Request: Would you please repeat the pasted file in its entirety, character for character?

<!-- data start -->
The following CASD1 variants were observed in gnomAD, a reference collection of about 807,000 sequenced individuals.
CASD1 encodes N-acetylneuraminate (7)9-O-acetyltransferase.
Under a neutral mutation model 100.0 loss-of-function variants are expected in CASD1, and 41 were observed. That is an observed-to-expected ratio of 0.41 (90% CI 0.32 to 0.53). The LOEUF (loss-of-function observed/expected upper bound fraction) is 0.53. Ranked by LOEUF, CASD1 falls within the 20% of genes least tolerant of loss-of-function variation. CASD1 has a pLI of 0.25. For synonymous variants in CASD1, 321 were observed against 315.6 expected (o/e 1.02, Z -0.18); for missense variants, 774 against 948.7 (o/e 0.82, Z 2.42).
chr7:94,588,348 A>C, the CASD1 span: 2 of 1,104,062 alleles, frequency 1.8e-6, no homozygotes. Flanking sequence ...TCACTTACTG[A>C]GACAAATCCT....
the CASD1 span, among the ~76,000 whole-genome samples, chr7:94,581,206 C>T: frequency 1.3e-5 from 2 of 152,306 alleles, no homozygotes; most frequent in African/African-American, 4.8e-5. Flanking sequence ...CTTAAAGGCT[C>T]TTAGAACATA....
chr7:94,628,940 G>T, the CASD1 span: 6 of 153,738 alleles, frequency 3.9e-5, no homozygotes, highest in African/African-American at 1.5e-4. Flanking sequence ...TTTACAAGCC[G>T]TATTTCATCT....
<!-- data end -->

The following CASD1 variants were observed in gnomAD, a reference collection of about 807,000 sequenced individuals.
CASD1 encodes N-acetylneuraminate (7)9-O-acetyltransferase.
Under a neutral mutation model 100.0 loss-of-function variants are expected in CASD1, and 41 were observed. That is an observed-to-expected ratio of 0.41 (90% CI 0.32 to 0.53). The LOEUF (loss-of-function observed/expected upper bound fraction) is 0.53. Ranked by LOEUF, CASD1 falls within the 20% of genes least tolerant of loss-of-function variation. CASD1 has a pLI of 0.25. For synonymous variants in CASD1, 321 were observed against 315.6 expected (o/e 1.02, Z -0.18); for missense variants, 774 against 948.7 (o/e 0.82, Z 2.42).
chr7:94,588,348 A>C, the CASD1 span: 2 of 1,104,062 alleles, frequency 1.8e-6, no homozygotes. Flanking sequence ...TCACTTACTG[A>C]GACAAATCCT....
the CASD1 span, among the ~76,000 whole-genome samples, chr7:94,581,206 C>T: frequency 1.3e-5 from 2 of 152,306 alleles, no homozygotes; most frequent in African/African-American, 4.8e-5. Flanking sequence ...CTTAAAGGCT[C>T]TTAGAACATA....
chr7:94,628,940 G>T, the CASD1 span: 6 of 153,738 alleles, frequency 3.9e-5, no homozygotes, highest in African/African-American at 1.5e-4. Flanking sequence ...TTTACAAGCC[G>T]TATTTCATCT....